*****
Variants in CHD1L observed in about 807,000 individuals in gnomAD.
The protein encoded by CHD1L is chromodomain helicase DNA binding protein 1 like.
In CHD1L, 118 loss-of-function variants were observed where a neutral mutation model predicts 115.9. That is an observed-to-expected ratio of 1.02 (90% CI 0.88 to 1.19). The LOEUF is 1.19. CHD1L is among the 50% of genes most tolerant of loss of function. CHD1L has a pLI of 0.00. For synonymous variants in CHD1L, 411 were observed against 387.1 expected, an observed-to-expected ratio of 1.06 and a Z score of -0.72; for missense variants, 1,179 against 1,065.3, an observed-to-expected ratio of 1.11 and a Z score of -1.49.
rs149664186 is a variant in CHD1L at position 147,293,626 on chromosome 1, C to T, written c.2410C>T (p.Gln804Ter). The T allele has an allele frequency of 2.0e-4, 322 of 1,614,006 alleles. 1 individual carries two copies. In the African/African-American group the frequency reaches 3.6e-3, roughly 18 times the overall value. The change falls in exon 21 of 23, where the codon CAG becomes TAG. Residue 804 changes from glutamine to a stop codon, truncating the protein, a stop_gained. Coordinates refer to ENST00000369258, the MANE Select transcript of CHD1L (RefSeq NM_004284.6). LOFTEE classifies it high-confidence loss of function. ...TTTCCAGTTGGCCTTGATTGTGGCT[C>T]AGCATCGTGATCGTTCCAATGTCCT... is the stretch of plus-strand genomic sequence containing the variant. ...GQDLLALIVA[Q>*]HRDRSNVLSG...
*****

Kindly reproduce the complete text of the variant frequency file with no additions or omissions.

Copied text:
Variants in CHD1L observed in about 807,000 individuals in gnomAD.
The protein encoded by CHD1L is chromodomain helicase DNA binding protein 1 like.
In CHD1L, 118 loss-of-function variants were observed where a neutral mutation model predicts 115.9. That is an observed-to-expected ratio of 1.02 (90% CI 0.88 to 1.19). The LOEUF is 1.19. CHD1L is among the 50% of genes most tolerant of loss of function. CHD1L has a pLI of 0.00. For synonymous variants in CHD1L, 411 were observed against 387.1 expected, an observed-to-expected ratio of 1.06 and a Z score of -0.72; for missense variants, 1,179 against 1,065.3, an observed-to-expected ratio of 1.11 and a Z score of -1.49.
rs149664186 is a variant in CHD1L at position 147,293,626 on chromosome 1, C to T, written c.2410C>T (p.Gln804Ter). The T allele has an allele frequency of 2.0e-4, 322 of 1,614,006 alleles. 1 individual carries two copies. In the African/African-American group the frequency reaches 3.6e-3, roughly 18 times the overall value. The change falls in exon 21 of 23, where the codon CAG becomes TAG. Residue 804 changes from glutamine to a stop codon, truncating the protein, a stop_gained. Coordinates refer to ENST00000369258, the MANE Select transcript of CHD1L (RefSeq NM_004284.6). LOFTEE classifies it high-confidence loss of function. ...TTTCCAGTTGGCCTTGATTGTGGCT[C>T]AGCATCGTGATCGTTCCAATGTCCT... is the stretch of plus-strand genomic sequence containing the variant. ...GQDLLALIVA[Q>*]HRDRSNVLSG...